Travelblog SA#30: Torotoro – Bolivia

19th-22nd November 2018

I deviated from my plans this week, and I believe it was a good choice.

Originally, I was supposed to be spending more time in the mountains around La Paz. Hike the Takesi trail, spend some time in Chulumani , and maybe even do what most backpackers seem to be doing these days and cycle down the infamous ‘Death Road’, but my slight disappointment with the El Choro trail made me realise that maybe I was in Bolivia at the wrong time of year for such activities because of the weather. Having lived half of my life in Wales, I am not shy when it comes to a little rain, but getting that wet isn’t worth it with the mist swirling around the Andes at the moment obscuring its views.

I began to look into other options. I needed to be in Cochabamba for an ayahuasca ceremony soon so I read up on that area. A place called Torotoro National Park caught my attention. Not only is it home to canyons, caves, waterfalls, and even prehistoric dinosaur footprints, but there also happened to be a festival going on.

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I was pretty tired when I arrived. Getting there involved an overnight bus from La Paz to Cochabamba followed by a walk through the pouring rain to reach the stand where the colectivos for Torotoro left. I was crammed into a minivan with several others and it was a bumpy ride. Although less than a hundred kilometres away, the journey took over five hours.

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Shortly after I arrived, I called into the ranger’s office and they told me if I turned up early the next morning and they would match me with a group for a tour of the park. There were still some hours of daylight left and there was a mirador only an hour’s walk away on maps.me so I decided to check that out.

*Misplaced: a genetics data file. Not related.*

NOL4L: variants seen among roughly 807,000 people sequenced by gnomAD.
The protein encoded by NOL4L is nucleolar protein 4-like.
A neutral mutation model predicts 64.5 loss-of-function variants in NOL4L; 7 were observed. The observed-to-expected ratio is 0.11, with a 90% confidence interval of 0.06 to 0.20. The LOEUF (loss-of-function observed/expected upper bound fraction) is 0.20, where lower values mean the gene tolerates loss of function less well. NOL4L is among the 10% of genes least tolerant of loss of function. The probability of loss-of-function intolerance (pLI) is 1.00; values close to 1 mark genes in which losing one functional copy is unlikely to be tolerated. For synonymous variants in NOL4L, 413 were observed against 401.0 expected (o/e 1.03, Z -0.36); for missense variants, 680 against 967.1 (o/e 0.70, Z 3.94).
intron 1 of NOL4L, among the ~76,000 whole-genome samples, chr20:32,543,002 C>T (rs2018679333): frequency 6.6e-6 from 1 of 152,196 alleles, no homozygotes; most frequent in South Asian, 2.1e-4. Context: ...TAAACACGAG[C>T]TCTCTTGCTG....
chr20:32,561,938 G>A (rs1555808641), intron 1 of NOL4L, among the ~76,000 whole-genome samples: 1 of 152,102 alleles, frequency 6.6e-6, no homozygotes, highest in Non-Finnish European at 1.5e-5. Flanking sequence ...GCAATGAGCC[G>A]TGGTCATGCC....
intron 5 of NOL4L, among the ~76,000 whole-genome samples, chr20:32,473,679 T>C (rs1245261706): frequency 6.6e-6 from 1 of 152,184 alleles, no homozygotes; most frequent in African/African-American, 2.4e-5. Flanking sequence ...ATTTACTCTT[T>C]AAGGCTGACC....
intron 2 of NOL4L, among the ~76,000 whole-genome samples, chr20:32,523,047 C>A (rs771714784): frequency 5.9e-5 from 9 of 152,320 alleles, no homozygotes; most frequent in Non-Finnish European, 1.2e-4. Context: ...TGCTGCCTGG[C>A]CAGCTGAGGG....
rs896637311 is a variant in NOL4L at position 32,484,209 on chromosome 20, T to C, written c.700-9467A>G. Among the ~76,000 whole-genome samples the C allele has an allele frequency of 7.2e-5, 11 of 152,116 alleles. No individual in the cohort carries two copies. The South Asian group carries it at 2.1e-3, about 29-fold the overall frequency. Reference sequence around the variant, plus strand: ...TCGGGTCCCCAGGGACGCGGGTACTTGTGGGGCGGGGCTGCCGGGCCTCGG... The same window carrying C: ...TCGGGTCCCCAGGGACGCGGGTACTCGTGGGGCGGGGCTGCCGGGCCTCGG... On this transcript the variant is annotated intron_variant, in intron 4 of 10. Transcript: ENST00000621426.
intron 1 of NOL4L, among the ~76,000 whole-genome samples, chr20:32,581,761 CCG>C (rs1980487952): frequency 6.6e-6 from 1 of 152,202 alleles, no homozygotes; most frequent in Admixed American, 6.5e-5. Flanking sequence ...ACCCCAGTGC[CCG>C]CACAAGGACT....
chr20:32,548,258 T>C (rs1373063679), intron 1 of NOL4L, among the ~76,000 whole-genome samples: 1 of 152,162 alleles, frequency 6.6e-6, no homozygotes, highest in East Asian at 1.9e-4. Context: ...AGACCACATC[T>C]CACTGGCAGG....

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About halfway there, I came across a barrier and a woman in uniform came out to ask me where I was heading. It turned out that I was about to enter a restricted area of the park for which you need have paid the entrance fee (something I had not done yet) and have a guide. I explained to her that I was due to go out on a tour to see the caves the next morning and was just following something I noticed on my GPS.

While we were talking, a Bolivian couple with a guide arrived and the ranger was eventually lenient allowed me to tag along with them. I hopped onto the back of the guide’s bike and we headed into the park.

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I am glad I got to have had a guide for this part because it was an enlightening experience. We walked along some of the riverbanks and he showed us dinosaur footprints. Some of many I would see over the next couple of days.

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There were some other interesting geological formations along the trail, including a natural stone bridge.

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A huge boulder which, over the years, has been split apart by a tree.

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But the highlight was when we reached the mirador of the canyon.

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There was another great viewpoint of the canyon a few minutes later too, and we even spotted a group of bright green parakeets.

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The following day, I turned up early at the registry office and they put me with a group of French and Spanish people for an eight-hour tour of Cueva Humajalanta and Ciudad de Ita.